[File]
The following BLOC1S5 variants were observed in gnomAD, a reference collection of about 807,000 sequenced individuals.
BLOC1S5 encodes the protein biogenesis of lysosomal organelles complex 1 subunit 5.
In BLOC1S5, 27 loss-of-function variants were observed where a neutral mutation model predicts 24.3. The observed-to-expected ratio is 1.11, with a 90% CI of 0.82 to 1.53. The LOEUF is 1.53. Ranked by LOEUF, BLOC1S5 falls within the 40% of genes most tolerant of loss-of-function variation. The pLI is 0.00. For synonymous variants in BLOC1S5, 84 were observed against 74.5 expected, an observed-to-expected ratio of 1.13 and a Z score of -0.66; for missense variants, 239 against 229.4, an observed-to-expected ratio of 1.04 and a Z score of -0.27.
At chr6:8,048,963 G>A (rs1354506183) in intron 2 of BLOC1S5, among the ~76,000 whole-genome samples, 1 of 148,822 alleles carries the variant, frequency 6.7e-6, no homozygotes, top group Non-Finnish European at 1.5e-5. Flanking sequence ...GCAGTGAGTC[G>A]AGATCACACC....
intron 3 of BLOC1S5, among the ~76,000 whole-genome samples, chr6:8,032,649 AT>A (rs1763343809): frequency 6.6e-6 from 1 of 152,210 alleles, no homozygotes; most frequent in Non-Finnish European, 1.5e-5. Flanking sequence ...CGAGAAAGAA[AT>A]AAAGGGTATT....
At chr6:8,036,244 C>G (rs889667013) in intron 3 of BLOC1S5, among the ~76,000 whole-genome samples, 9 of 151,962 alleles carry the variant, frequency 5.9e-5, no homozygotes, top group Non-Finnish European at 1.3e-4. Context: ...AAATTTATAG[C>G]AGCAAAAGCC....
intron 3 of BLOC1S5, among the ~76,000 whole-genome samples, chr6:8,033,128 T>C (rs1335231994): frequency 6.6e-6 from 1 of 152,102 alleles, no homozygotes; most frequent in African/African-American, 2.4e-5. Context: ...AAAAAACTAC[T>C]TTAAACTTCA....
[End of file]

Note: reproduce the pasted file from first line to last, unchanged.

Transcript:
The following BLOC1S5 variants were observed in gnomAD, a reference collection of about 807,000 sequenced individuals.
BLOC1S5 encodes the protein biogenesis of lysosomal organelles complex 1 subunit 5.
In BLOC1S5, 27 loss-of-function variants were observed where a neutral mutation model predicts 24.3. The observed-to-expected ratio is 1.11, with a 90% CI of 0.82 to 1.53. The LOEUF is 1.53. Ranked by LOEUF, BLOC1S5 falls within the 40% of genes most tolerant of loss-of-function variation. The pLI is 0.00. For synonymous variants in BLOC1S5, 84 were observed against 74.5 expected, an observed-to-expected ratio of 1.13 and a Z score of -0.66; for missense variants, 239 against 229.4, an observed-to-expected ratio of 1.04 and a Z score of -0.27.
At chr6:8,048,963 G>A (rs1354506183) in intron 2 of BLOC1S5, among the ~76,000 whole-genome samples, 1 of 148,822 alleles carries the variant, frequency 6.7e-6, no homozygotes, top group Non-Finnish European at 1.5e-5. Flanking sequence ...GCAGTGAGTC[G>A]AGATCACACC....
intron 3 of BLOC1S5, among the ~76,000 whole-genome samples, chr6:8,032,649 AT>A (rs1763343809): frequency 6.6e-6 from 1 of 152,210 alleles, no homozygotes; most frequent in Non-Finnish European, 1.5e-5. Flanking sequence ...CGAGAAAGAA[AT>A]AAAGGGTATT....
At chr6:8,036,244 C>G (rs889667013) in intron 3 of BLOC1S5, among the ~76,000 whole-genome samples, 9 of 151,962 alleles carry the variant, frequency 5.9e-5, no homozygotes, top group Non-Finnish European at 1.3e-4. Context: ...AAATTTATAG[C>G]AGCAAAAGCC....
intron 3 of BLOC1S5, among the ~76,000 whole-genome samples, chr6:8,033,128 T>C (rs1335231994): frequency 6.6e-6 from 1 of 152,102 alleles, no homozygotes; most frequent in African/African-American, 2.4e-5. Context: ...AAAAAACTAC[T>C]TTAAACTTCA....